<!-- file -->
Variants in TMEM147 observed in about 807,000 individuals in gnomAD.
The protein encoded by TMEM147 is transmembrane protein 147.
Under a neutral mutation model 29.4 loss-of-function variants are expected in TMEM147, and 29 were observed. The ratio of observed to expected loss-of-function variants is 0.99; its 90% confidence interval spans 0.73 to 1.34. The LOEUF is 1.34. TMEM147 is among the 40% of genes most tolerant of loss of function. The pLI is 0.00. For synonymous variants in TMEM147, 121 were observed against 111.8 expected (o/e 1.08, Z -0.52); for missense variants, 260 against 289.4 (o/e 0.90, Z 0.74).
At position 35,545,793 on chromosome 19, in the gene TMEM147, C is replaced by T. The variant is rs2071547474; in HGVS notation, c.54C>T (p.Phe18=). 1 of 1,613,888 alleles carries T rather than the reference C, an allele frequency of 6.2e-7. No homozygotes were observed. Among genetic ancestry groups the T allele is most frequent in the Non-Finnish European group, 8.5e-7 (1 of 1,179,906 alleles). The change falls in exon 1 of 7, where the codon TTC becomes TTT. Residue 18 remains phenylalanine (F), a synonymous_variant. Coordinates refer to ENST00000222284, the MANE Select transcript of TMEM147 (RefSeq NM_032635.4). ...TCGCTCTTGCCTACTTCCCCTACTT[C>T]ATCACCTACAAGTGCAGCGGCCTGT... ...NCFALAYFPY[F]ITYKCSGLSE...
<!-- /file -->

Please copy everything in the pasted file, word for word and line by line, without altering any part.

Variants in TMEM147 observed in about 807,000 individuals in gnomAD.
The protein encoded by TMEM147 is transmembrane protein 147.
Under a neutral mutation model 29.4 loss-of-function variants are expected in TMEM147, and 29 were observed. The ratio of observed to expected loss-of-function variants is 0.99; its 90% confidence interval spans 0.73 to 1.34. The LOEUF is 1.34. TMEM147 is among the 40% of genes most tolerant of loss of function. The pLI is 0.00. For synonymous variants in TMEM147, 121 were observed against 111.8 expected (o/e 1.08, Z -0.52); for missense variants, 260 against 289.4 (o/e 0.90, Z 0.74).
At position 35,545,793 on chromosome 19, in the gene TMEM147, C is replaced by T. The variant is rs2071547474; in HGVS notation, c.54C>T (p.Phe18=). 1 of 1,613,888 alleles carries T rather than the reference C, an allele frequency of 6.2e-7. No homozygotes were observed. Among genetic ancestry groups the T allele is most frequent in the Non-Finnish European group, 8.5e-7 (1 of 1,179,906 alleles). The change falls in exon 1 of 7, where the codon TTC becomes TTT. Residue 18 remains phenylalanine (F), a synonymous_variant. Coordinates refer to ENST00000222284, the MANE Select transcript of TMEM147 (RefSeq NM_032635.4). ...TCGCTCTTGCCTACTTCCCCTACTT[C>T]ATCACCTACAAGTGCAGCGGCCTGT... ...NCFALAYFPY[F]ITYKCSGLSE...